Nitric oxide is a small molecule that is synthesized by a family of enzymes, the nitric oxide synthases, and is overproduced in rheumatoid arthritis and osteoarthrosis. The aim of this investigation was to elucidate the potential sources of nitric oxide in joint tissues and to determine if the production of nitric oxide could be inhibited by dexamethasone or methotrexate, two agents that inhibit other forms of inducible nitric oxide synthase. Methotrexate inhibits the synthesis of biopterin, which is a co- factor for nitric oxide synthase. Explants of human and bovine cartilage and cultured chondrocytes released large amounts of nitrite, the stable end product of nitric oxide, when stimulated with endotoxin, interleukin-1β, or tumor necrosis factorα. The production of nitrite was time-dependent and endotoxin, interleukin-1β, and tumor necrosis factor-α dose-dependent and was inhibited by the nitric-oxide-synthase inhibitors Nω-nitro-L-arginine methyl ester and aminoguanidine. The inducible nitric oxide synthase in bovine chondrocytes was calcium-dependent and was inhibited by high concentrations of methotrexate or dexamethasone. No constitutive nitric- oxide-synthase activity and little or no inducible nitric-oxide-synthase activity were demonstrable in explants or cell cultures derived from menisci. Fresh explants of bovine articular synovial tissue constitutively released nitrite that was inhibited by Nω-nitro-L-arginine methyl ester, but the release could not be enhanced by endotoxin, interleukin-1β, or tumor necrosis factor-α. There was no constitutive or inducible production of nitrite by explants or cells derived from the synovial tissue or shoulder capsule of a human or by explants or cells derived from canine anterior cruciate, posterior cruciate, medial collateral, lateral collateral, or patellar ligaments. Taken together, these results indicate that chondrocytes represent the major source of inducible nitric oxide synthase and nitric oxide during inflammation or infection of a joint. CLINICAL RELEVANCE: Since nitric oxide is a free radical, its effects are extremely rapid, local, and potentially toxic. Induction of high levels of chondrocytic nitric oxide during infection or inflammation may be responsible in part for the damage to cartilage that occurs in some inflammatory arthropathies. Agents that inhibit nitric oxide synthase, especially selective inhibitors of the inducible form of nitric oxide synthase, may offer new and useful means of inhibiting the destruction of cartilage.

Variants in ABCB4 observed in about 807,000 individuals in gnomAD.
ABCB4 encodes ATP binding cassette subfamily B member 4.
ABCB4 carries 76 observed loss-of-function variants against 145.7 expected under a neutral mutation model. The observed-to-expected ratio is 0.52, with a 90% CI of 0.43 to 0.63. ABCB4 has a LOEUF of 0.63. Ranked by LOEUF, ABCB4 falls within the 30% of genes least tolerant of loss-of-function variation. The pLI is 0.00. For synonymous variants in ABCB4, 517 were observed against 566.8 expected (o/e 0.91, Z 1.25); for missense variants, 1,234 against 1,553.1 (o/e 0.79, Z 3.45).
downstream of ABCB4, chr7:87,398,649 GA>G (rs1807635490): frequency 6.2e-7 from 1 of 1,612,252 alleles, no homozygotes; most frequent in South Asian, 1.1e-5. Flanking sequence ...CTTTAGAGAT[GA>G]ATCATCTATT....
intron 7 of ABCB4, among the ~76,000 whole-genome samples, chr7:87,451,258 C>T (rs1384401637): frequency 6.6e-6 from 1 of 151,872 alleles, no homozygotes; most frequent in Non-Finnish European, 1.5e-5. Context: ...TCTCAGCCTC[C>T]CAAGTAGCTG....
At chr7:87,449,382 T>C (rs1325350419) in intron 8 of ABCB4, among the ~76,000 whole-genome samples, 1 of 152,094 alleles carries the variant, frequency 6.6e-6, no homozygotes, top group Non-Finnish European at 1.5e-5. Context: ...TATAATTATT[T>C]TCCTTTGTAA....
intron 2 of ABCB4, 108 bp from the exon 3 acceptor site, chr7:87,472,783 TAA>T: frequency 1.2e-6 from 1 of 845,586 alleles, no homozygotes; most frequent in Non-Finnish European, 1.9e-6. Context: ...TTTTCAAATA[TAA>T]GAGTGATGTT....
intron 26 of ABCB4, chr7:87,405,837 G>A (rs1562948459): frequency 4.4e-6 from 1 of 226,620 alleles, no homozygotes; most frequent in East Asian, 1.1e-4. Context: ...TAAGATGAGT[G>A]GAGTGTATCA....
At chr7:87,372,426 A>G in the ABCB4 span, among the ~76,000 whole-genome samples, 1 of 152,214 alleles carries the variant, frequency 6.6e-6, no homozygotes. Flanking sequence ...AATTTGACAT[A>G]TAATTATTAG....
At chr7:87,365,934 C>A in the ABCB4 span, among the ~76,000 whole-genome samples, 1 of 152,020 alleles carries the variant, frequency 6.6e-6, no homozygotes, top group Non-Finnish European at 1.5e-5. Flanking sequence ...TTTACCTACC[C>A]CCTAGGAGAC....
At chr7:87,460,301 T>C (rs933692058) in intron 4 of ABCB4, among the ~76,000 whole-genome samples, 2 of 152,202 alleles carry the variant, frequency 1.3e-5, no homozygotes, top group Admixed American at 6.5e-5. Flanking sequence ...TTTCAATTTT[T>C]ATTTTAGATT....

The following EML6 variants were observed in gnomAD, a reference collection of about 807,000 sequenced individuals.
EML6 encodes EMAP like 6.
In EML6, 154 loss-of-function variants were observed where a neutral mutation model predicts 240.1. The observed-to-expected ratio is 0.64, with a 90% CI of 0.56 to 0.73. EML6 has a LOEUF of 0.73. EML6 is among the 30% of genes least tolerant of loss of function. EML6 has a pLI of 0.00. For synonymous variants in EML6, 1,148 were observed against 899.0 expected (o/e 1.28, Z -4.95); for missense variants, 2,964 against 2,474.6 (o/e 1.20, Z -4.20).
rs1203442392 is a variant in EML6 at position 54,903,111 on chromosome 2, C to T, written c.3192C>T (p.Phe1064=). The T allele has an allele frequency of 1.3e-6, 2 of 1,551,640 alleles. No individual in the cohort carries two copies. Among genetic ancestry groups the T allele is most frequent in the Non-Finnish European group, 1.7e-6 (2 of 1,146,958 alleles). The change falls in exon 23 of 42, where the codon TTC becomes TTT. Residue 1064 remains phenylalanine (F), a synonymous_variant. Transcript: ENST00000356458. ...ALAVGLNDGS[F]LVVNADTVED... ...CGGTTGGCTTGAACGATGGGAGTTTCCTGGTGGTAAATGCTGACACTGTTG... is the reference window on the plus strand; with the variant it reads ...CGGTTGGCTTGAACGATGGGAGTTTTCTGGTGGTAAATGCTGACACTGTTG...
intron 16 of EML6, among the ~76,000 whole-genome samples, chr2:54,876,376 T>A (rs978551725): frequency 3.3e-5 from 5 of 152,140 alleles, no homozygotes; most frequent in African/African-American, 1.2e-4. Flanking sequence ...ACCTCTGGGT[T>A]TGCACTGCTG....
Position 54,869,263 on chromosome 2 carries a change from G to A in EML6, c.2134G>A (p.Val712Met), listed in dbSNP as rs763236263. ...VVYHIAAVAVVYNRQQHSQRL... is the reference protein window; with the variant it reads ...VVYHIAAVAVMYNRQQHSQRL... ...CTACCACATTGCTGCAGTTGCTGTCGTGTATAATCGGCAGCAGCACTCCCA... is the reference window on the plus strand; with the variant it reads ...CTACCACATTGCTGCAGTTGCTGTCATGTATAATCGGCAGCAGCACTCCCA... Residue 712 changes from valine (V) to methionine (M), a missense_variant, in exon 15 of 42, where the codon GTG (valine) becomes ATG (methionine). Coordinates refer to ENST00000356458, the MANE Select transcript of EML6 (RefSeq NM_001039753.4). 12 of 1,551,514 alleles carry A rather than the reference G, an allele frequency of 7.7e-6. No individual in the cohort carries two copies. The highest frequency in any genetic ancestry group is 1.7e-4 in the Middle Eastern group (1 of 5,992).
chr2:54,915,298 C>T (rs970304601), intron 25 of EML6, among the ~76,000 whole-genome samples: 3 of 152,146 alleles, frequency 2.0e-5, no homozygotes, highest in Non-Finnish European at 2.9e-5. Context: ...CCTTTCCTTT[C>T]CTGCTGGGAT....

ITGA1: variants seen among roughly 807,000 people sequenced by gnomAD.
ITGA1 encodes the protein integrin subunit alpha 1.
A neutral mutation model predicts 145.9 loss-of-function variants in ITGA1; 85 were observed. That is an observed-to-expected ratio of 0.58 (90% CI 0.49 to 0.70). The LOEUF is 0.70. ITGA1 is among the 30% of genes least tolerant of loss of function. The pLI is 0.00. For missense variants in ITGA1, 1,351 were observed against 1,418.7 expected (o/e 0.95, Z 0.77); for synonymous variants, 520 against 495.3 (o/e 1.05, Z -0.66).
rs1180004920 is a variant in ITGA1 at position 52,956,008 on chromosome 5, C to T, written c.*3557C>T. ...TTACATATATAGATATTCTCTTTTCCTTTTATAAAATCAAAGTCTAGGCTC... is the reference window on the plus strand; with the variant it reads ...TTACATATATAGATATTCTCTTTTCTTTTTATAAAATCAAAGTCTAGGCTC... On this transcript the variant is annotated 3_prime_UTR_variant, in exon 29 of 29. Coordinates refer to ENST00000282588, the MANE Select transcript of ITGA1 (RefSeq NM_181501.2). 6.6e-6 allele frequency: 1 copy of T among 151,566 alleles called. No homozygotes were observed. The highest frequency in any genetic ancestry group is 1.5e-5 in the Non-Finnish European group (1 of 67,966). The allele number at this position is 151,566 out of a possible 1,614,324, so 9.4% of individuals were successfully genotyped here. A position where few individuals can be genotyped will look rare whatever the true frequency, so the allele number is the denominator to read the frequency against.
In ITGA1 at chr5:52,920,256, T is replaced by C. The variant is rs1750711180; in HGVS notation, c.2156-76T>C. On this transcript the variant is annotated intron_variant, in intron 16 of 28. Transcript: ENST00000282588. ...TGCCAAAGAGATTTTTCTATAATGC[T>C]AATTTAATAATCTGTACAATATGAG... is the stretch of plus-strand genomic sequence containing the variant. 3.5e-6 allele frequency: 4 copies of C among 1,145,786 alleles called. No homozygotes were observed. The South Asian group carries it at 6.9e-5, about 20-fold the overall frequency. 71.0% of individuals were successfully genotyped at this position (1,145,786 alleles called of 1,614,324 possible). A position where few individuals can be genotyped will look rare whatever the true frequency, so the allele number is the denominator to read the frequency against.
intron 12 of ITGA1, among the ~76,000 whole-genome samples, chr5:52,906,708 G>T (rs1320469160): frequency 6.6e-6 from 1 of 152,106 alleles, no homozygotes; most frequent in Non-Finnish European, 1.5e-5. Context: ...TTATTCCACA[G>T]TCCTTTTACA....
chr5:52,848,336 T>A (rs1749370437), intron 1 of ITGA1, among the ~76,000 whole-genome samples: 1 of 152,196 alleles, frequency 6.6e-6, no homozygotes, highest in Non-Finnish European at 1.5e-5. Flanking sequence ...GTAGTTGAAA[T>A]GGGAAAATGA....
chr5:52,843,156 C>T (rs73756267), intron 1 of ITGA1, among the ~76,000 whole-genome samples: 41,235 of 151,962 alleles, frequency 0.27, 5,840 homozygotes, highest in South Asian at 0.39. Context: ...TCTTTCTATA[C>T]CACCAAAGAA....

ASJC Scopus subject areas
- Orthopedics and Sports Medicine